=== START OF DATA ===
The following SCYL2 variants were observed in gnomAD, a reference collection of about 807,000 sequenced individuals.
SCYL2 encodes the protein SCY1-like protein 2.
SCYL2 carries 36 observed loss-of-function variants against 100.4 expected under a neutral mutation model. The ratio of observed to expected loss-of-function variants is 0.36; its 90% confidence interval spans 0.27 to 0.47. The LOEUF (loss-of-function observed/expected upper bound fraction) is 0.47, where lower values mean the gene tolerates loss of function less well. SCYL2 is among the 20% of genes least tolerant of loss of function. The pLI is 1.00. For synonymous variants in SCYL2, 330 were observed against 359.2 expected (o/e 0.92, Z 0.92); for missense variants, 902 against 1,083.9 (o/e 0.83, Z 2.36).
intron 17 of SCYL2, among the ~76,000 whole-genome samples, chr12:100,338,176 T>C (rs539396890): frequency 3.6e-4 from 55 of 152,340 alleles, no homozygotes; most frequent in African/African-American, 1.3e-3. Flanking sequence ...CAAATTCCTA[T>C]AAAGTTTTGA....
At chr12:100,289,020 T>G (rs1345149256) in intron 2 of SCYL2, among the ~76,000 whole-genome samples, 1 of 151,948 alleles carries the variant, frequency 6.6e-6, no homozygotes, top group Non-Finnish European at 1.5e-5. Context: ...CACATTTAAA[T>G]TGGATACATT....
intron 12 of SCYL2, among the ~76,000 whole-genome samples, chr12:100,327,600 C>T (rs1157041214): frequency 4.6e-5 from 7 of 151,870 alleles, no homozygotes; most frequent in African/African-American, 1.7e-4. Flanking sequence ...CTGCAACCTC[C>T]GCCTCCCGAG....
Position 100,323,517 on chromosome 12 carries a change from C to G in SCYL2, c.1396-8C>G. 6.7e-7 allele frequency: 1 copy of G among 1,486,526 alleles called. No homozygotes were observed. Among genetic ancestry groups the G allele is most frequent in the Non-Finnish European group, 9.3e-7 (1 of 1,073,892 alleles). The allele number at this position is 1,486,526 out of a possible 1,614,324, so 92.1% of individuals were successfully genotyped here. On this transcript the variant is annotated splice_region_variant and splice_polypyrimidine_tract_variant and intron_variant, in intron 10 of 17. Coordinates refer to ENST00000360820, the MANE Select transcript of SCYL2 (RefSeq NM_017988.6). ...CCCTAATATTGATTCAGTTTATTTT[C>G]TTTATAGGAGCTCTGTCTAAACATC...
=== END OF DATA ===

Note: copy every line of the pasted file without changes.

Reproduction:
The following SCYL2 variants were observed in gnomAD, a reference collection of about 807,000 sequenced individuals.
SCYL2 encodes the protein SCY1-like protein 2.
SCYL2 carries 36 observed loss-of-function variants against 100.4 expected under a neutral mutation model. The ratio of observed to expected loss-of-function variants is 0.36; its 90% confidence interval spans 0.27 to 0.47. The LOEUF (loss-of-function observed/expected upper bound fraction) is 0.47, where lower values mean the gene tolerates loss of function less well. SCYL2 is among the 20% of genes least tolerant of loss of function. The pLI is 1.00. For synonymous variants in SCYL2, 330 were observed against 359.2 expected (o/e 0.92, Z 0.92); for missense variants, 902 against 1,083.9 (o/e 0.83, Z 2.36).
intron 17 of SCYL2, among the ~76,000 whole-genome samples, chr12:100,338,176 T>C (rs539396890): frequency 3.6e-4 from 55 of 152,340 alleles, no homozygotes; most frequent in African/African-American, 1.3e-3. Flanking sequence ...CAAATTCCTA[T>C]AAAGTTTTGA....
At chr12:100,289,020 T>G (rs1345149256) in intron 2 of SCYL2, among the ~76,000 whole-genome samples, 1 of 151,948 alleles carries the variant, frequency 6.6e-6, no homozygotes, top group Non-Finnish European at 1.5e-5. Context: ...CACATTTAAA[T>G]TGGATACATT....
intron 12 of SCYL2, among the ~76,000 whole-genome samples, chr12:100,327,600 C>T (rs1157041214): frequency 4.6e-5 from 7 of 151,870 alleles, no homozygotes; most frequent in African/African-American, 1.7e-4. Flanking sequence ...CTGCAACCTC[C>T]GCCTCCCGAG....
Position 100,323,517 on chromosome 12 carries a change from C to G in SCYL2, c.1396-8C>G. 6.7e-7 allele frequency: 1 copy of G among 1,486,526 alleles called. No homozygotes were observed. Among genetic ancestry groups the G allele is most frequent in the Non-Finnish European group, 9.3e-7 (1 of 1,073,892 alleles). The allele number at this position is 1,486,526 out of a possible 1,614,324, so 92.1% of individuals were successfully genotyped here. On this transcript the variant is annotated splice_region_variant and splice_polypyrimidine_tract_variant and intron_variant, in intron 10 of 17. Coordinates refer to ENST00000360820, the MANE Select transcript of SCYL2 (RefSeq NM_017988.6). ...CCCTAATATTGATTCAGTTTATTTT[C>G]TTTATAGGAGCTCTGTCTAAACATC...